#2: "An interesting question then follows: How can the happy/sad affective dichotomy of the major/minor chords be explained on a psychological basis... In light of the fact that, starting from harmonic tension, minor chord resolution can be obtained with a semitone increase, and major chord resolution with a semitone decrease, the increased pitch of minor chords (relative to tension) corresponds to the idea from linguistics that rising pitch is used to signal weakness, deference or defeat; conversely, the decreased pitch of the major chords corresponds to the strength, dominance and victory that is signaled by falling pitch. The near universality of this form of “sound symbolism” has been documented by linguists and is known to have cross-species generality..."

But really,just go read the short 4-page paper. A fair bit of it is technical, but you can probably follow along even if you need to fast-scan parts of it. Then follow the copious references there and others have posted here, if you want more information. As posters have already said, entire courses and books have been structured around these questions.
posted by mdevore at 6:52 PM on March 20, 2006

Human neurology tells us a little bit about this, via cases of stroke. Very small strokes in the left hemisphere - angular and supramarginal gyrus area - can cause acquired amusia (inability to perceive music as other than noise) without other symptoms. Since this area is part of the large, amorphous language area concerned with comprehension and verbal thought (known as Wernicke's area), it has been proposed that music is therefore represented cerebrally as a form of language.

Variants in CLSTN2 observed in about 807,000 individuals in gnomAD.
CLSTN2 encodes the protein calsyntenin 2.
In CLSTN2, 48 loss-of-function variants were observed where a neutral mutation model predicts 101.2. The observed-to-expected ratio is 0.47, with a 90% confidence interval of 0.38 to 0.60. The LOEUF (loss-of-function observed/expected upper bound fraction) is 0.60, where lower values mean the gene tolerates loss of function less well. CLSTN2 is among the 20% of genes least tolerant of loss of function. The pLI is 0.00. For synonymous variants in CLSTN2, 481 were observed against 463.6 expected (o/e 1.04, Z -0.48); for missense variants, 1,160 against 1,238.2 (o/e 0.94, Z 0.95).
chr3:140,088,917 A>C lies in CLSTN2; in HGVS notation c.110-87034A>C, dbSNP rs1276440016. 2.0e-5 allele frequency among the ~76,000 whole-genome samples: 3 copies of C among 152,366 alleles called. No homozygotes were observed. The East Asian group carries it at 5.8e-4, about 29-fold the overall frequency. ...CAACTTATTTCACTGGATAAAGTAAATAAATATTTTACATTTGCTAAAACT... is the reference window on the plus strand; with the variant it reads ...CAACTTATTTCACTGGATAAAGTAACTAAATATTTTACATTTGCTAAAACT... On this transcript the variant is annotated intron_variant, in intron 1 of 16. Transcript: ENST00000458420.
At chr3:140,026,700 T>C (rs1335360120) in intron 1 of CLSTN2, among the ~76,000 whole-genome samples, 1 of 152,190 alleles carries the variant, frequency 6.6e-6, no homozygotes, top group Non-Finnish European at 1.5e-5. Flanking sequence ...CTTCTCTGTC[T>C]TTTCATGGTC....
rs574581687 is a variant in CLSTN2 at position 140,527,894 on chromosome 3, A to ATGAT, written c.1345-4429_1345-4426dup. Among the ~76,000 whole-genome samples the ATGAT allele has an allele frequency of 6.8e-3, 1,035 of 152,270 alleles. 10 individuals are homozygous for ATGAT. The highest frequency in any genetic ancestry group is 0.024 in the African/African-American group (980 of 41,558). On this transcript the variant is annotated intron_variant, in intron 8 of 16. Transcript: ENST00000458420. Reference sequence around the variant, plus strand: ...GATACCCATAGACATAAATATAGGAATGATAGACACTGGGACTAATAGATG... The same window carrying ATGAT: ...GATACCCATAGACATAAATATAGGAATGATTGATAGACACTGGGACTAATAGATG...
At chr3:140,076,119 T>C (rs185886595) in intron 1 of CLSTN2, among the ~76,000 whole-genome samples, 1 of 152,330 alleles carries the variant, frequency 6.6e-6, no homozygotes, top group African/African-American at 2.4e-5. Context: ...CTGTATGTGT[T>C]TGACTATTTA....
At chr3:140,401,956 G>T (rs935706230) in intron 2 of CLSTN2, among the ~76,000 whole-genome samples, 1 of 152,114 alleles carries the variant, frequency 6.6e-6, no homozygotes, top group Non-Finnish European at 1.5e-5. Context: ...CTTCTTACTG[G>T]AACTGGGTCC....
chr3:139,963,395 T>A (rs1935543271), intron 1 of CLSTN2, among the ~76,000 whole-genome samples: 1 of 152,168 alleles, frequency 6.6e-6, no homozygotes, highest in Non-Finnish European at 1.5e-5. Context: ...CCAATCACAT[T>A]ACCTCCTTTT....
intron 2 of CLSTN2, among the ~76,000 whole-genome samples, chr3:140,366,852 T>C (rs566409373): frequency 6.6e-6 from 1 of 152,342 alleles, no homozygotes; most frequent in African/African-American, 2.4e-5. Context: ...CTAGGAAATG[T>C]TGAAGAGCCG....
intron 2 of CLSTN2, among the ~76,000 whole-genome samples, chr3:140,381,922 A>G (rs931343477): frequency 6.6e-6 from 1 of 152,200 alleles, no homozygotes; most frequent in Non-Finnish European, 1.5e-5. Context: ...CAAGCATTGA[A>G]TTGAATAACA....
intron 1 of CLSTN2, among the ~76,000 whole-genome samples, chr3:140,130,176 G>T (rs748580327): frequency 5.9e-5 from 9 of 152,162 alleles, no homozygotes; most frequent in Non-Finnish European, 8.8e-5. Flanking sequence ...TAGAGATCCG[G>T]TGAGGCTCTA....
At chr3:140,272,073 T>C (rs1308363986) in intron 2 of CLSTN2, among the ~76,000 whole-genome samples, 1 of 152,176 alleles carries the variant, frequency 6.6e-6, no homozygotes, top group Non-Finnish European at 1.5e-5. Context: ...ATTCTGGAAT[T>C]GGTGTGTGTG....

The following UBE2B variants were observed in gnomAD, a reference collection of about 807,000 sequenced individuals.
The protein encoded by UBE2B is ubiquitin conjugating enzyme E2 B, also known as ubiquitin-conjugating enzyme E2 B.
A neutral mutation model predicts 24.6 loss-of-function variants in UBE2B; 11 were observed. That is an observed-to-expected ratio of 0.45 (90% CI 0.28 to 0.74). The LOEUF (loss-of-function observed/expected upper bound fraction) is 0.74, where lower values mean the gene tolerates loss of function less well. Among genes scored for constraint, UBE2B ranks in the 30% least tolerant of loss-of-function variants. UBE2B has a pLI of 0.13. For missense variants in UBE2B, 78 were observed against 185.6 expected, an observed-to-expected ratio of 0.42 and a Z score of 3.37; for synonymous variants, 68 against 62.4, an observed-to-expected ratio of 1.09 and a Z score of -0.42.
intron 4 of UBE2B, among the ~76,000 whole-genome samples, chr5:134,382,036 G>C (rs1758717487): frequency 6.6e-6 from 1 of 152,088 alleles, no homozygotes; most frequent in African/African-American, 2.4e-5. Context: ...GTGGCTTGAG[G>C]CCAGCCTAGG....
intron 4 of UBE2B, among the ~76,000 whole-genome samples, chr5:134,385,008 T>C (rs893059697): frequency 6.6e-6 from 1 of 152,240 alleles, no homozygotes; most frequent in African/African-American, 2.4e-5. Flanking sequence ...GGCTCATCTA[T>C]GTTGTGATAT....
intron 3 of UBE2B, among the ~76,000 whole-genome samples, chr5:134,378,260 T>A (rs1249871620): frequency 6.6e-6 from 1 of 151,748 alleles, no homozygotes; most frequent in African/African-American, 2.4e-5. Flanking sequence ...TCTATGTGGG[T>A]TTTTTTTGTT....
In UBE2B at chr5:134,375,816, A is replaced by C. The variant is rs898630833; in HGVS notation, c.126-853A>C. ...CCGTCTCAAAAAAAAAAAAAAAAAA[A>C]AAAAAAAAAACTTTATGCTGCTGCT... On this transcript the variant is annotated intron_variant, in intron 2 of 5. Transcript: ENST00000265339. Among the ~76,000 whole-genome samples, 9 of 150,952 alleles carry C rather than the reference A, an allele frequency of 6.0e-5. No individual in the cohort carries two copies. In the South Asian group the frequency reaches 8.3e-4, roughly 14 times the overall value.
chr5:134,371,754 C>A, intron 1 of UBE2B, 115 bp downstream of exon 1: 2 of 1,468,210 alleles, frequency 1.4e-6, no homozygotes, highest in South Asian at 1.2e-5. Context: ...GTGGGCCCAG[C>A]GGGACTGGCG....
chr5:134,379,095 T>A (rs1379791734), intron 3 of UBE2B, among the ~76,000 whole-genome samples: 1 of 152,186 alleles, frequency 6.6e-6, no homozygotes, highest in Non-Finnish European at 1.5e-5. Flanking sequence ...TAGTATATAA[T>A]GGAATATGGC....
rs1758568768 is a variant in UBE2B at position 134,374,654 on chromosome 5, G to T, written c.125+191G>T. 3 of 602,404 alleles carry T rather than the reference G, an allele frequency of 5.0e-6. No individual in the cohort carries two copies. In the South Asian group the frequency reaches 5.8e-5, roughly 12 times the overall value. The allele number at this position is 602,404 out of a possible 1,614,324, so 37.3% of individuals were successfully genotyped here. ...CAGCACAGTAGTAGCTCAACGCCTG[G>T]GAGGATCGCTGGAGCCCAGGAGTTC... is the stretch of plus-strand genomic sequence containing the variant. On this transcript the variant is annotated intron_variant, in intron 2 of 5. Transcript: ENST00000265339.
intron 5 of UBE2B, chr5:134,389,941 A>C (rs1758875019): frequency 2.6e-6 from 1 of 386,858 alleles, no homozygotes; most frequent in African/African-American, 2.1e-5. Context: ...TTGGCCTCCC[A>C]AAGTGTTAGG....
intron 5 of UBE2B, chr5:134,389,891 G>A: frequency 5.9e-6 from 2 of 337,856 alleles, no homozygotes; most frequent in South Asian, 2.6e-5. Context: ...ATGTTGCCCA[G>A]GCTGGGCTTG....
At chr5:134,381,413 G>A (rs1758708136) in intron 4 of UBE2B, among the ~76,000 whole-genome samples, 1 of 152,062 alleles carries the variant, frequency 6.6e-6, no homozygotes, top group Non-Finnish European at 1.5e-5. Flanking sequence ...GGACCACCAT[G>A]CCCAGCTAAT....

There's more to it - Geschwind and Brust have both written informatively about the topic - but the above is a layman's precis.
posted by ikkyu2 at 7:00 PM on March 20, 2006

Like many delicious mysteries, it's probably a combination of nature and nurture.

In terms of harmony, the overtone series is pretty fundamental, i.e. it has groundings in universal laws of physics. We hear a doubled frequency as the same note somehow, and this interval which we know as the octave is the most basic unit in harmony. And this is completely cross-cultural, I believe.